Electric chair story grows legs
The power of modern communication manifested itself again this week in a discussion over the dubious use of one of the older powers -- electricity.
Duane Tappe's offhanded remark to State Sen. Mark Christensen about obtaining Nebraska's old electric chair for a proposed rural electrification museum honoring the late U.S. Sen. George W. Norris is the case in point.
City Editor Lorri Sughroue had misgivings about playing up the request in her coverage of the weekly legislative teleconference, but after her editor headlined the story and put it on the Gazette Web site, the story, as they say, "grew legs."
At last check, the story about a small Southwest Nebraska town "abuzz" over prospects of displaying "Old Sparky" had been published in places like Baltimore, Kansas City and Texas, as well as moving over the nation Associated Press wire.
McCook residents might be surprised to learn that they are "abuzz." Other than Chamber of Commerce members who were present at the teleconference, and Gazette staffers who handled the story, we haven't heard any "buzz" from the general population.
But the reaction from the eastern end of the state was predictable.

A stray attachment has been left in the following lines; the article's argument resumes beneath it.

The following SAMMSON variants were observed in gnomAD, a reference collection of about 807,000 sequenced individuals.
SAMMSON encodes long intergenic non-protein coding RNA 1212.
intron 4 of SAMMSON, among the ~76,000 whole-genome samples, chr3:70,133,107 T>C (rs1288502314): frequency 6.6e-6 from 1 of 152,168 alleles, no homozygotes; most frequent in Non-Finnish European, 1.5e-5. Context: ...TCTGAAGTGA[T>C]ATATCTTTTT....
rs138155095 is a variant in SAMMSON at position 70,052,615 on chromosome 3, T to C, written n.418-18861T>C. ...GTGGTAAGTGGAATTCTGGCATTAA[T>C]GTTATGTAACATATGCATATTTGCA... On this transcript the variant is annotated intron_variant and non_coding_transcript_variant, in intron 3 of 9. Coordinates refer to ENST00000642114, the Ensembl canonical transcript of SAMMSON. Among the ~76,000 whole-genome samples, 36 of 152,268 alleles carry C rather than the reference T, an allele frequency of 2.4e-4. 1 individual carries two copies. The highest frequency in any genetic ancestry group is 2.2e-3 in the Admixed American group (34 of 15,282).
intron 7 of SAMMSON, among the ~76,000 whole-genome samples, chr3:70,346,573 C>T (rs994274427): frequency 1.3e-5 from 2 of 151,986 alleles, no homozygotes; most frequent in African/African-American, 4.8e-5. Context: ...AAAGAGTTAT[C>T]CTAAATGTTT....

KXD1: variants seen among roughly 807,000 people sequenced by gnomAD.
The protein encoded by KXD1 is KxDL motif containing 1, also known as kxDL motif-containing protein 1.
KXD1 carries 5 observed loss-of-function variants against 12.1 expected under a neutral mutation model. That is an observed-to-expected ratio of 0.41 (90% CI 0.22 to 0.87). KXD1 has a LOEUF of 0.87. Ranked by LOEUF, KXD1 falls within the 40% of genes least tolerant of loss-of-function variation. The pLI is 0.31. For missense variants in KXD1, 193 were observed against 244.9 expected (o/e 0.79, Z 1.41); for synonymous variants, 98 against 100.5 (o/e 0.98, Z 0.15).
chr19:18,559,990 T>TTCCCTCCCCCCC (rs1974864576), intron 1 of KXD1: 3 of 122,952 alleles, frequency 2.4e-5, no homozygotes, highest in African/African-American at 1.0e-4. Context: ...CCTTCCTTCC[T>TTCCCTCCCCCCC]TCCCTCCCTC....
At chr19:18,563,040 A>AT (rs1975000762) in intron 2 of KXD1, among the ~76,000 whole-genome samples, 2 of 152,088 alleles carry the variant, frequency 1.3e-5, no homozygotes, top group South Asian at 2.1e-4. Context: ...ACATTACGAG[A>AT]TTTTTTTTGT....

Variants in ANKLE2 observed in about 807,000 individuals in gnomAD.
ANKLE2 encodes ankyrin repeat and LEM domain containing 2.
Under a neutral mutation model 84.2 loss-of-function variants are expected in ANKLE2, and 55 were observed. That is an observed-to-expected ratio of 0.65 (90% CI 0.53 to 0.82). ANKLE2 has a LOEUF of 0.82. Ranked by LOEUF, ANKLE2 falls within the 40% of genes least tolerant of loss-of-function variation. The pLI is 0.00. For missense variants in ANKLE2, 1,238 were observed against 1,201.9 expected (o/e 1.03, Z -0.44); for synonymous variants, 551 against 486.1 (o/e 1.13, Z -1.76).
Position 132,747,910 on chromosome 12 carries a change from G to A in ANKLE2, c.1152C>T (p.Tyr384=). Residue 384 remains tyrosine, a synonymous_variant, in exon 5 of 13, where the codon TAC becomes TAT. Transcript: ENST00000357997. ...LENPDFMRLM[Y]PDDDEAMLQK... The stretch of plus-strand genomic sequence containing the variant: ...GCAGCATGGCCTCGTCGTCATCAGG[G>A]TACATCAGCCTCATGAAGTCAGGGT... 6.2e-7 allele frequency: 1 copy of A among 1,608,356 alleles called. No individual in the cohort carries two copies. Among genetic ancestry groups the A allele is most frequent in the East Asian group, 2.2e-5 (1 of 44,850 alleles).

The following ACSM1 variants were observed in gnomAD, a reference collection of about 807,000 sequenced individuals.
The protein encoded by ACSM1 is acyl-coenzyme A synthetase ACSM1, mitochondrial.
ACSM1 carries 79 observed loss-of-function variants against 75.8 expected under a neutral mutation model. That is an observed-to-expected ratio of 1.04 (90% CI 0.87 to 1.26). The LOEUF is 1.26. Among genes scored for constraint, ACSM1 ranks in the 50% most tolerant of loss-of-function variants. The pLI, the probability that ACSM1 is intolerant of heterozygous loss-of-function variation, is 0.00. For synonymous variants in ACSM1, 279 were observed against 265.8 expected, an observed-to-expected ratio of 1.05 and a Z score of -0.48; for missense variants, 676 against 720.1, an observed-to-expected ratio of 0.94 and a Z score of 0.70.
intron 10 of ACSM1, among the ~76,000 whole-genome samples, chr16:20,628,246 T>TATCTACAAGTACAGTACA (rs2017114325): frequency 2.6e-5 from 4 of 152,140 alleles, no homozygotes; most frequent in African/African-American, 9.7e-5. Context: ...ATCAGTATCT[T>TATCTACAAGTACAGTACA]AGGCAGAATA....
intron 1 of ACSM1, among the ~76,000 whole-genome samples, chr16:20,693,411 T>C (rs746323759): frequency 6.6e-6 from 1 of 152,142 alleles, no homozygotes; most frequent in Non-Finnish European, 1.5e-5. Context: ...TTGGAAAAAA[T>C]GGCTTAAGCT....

Former State Sen. Ernie Chambers of Omaha called the idea of displaying the electric chair "tastless" and "asinine." He said it "manifests vulgar insensitivity that borders on the obscene.
"It would turn a serious matter into a carnival sideshow designed to appease the most prurient interests," he told Paul Hammel of the World-Herald.
Fellow capital punishment opponent State Sen. Brenda Council of Omaha, however, said that while she didn't see "the glamour " of such a display, "I can't say that I don't hope it is removed from the correctional center."
Another opponent called for any proceeds from the display to go to the victims' families.
For his part, Tappe was "shocked" at the reaction to his informal request to Sen. Christensen, who actually asked the Department of Corrections for the chair a couple of years ago. Tappe said he checked with another proponent of the rural electrification museum, and was assured that, yes, they were still interested in obtaining the chair.